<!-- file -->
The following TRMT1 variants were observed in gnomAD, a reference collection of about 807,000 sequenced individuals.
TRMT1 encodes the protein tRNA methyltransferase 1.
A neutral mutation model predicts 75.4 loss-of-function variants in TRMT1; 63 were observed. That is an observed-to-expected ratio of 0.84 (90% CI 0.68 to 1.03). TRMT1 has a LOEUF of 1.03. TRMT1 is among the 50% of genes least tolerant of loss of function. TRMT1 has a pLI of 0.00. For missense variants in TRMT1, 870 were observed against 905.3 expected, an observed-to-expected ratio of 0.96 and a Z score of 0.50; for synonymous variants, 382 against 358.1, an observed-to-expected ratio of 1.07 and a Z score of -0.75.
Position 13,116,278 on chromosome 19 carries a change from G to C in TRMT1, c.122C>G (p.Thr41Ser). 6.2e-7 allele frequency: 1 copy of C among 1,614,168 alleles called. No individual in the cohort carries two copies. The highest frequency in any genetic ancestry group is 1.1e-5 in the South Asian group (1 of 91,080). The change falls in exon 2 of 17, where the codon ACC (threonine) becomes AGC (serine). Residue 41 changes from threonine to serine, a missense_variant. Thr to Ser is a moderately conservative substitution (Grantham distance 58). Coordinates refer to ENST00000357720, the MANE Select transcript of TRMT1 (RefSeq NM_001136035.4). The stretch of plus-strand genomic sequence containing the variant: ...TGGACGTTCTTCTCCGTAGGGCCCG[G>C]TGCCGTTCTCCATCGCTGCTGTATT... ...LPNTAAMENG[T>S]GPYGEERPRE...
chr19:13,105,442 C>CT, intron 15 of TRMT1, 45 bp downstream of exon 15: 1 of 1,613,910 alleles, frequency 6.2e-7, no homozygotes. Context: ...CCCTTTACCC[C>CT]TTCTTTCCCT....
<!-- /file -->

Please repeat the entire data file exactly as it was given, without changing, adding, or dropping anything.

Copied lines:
The following TRMT1 variants were observed in gnomAD, a reference collection of about 807,000 sequenced individuals.
TRMT1 encodes the protein tRNA methyltransferase 1.
A neutral mutation model predicts 75.4 loss-of-function variants in TRMT1; 63 were observed. That is an observed-to-expected ratio of 0.84 (90% CI 0.68 to 1.03). TRMT1 has a LOEUF of 1.03. TRMT1 is among the 50% of genes least tolerant of loss of function. TRMT1 has a pLI of 0.00. For missense variants in TRMT1, 870 were observed against 905.3 expected, an observed-to-expected ratio of 0.96 and a Z score of 0.50; for synonymous variants, 382 against 358.1, an observed-to-expected ratio of 1.07 and a Z score of -0.75.
Position 13,116,278 on chromosome 19 carries a change from G to C in TRMT1, c.122C>G (p.Thr41Ser). 6.2e-7 allele frequency: 1 copy of C among 1,614,168 alleles called. No individual in the cohort carries two copies. The highest frequency in any genetic ancestry group is 1.1e-5 in the South Asian group (1 of 91,080). The change falls in exon 2 of 17, where the codon ACC (threonine) becomes AGC (serine). Residue 41 changes from threonine to serine, a missense_variant. Thr to Ser is a moderately conservative substitution (Grantham distance 58). Coordinates refer to ENST00000357720, the MANE Select transcript of TRMT1 (RefSeq NM_001136035.4). The stretch of plus-strand genomic sequence containing the variant: ...TGGACGTTCTTCTCCGTAGGGCCCG[G>C]TGCCGTTCTCCATCGCTGCTGTATT... ...LPNTAAMENG[T>S]GPYGEERPRE...
chr19:13,105,442 C>CT, intron 15 of TRMT1, 45 bp downstream of exon 15: 1 of 1,613,910 alleles, frequency 6.2e-7, no homozygotes. Context: ...CCCTTTACCC[C>CT]TTCTTTCCCT....